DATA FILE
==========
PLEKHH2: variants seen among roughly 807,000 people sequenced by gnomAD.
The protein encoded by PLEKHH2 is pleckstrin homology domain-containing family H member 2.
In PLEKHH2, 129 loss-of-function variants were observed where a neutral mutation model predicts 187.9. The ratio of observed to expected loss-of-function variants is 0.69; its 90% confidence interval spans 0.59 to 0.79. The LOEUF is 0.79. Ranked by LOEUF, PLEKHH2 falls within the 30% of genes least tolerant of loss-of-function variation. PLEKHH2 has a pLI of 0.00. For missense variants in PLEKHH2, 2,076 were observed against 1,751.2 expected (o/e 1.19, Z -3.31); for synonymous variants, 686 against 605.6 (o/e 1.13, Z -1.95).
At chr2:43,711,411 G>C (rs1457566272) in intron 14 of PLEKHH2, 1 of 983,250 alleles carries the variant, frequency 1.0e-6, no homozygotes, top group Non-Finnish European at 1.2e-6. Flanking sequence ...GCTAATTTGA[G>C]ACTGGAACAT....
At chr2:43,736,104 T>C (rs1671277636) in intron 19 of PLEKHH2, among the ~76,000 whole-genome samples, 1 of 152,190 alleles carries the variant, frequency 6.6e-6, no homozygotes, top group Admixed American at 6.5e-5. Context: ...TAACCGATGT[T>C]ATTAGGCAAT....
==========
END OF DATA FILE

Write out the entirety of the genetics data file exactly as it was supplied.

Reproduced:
PLEKHH2: variants seen among roughly 807,000 people sequenced by gnomAD.
The protein encoded by PLEKHH2 is pleckstrin homology domain-containing family H member 2.
In PLEKHH2, 129 loss-of-function variants were observed where a neutral mutation model predicts 187.9. The ratio of observed to expected loss-of-function variants is 0.69; its 90% confidence interval spans 0.59 to 0.79. The LOEUF is 0.79. Ranked by LOEUF, PLEKHH2 falls within the 30% of genes least tolerant of loss-of-function variation. PLEKHH2 has a pLI of 0.00. For missense variants in PLEKHH2, 2,076 were observed against 1,751.2 expected (o/e 1.19, Z -3.31); for synonymous variants, 686 against 605.6 (o/e 1.13, Z -1.95).
At chr2:43,711,411 G>C (rs1457566272) in intron 14 of PLEKHH2, 1 of 983,250 alleles carries the variant, frequency 1.0e-6, no homozygotes, top group Non-Finnish European at 1.2e-6. Flanking sequence ...GCTAATTTGA[G>C]ACTGGAACAT....
At chr2:43,736,104 T>C (rs1671277636) in intron 19 of PLEKHH2, among the ~76,000 whole-genome samples, 1 of 152,190 alleles carries the variant, frequency 6.6e-6, no homozygotes, top group Admixed American at 6.5e-5. Context: ...TAACCGATGT[T>C]ATTAGGCAAT....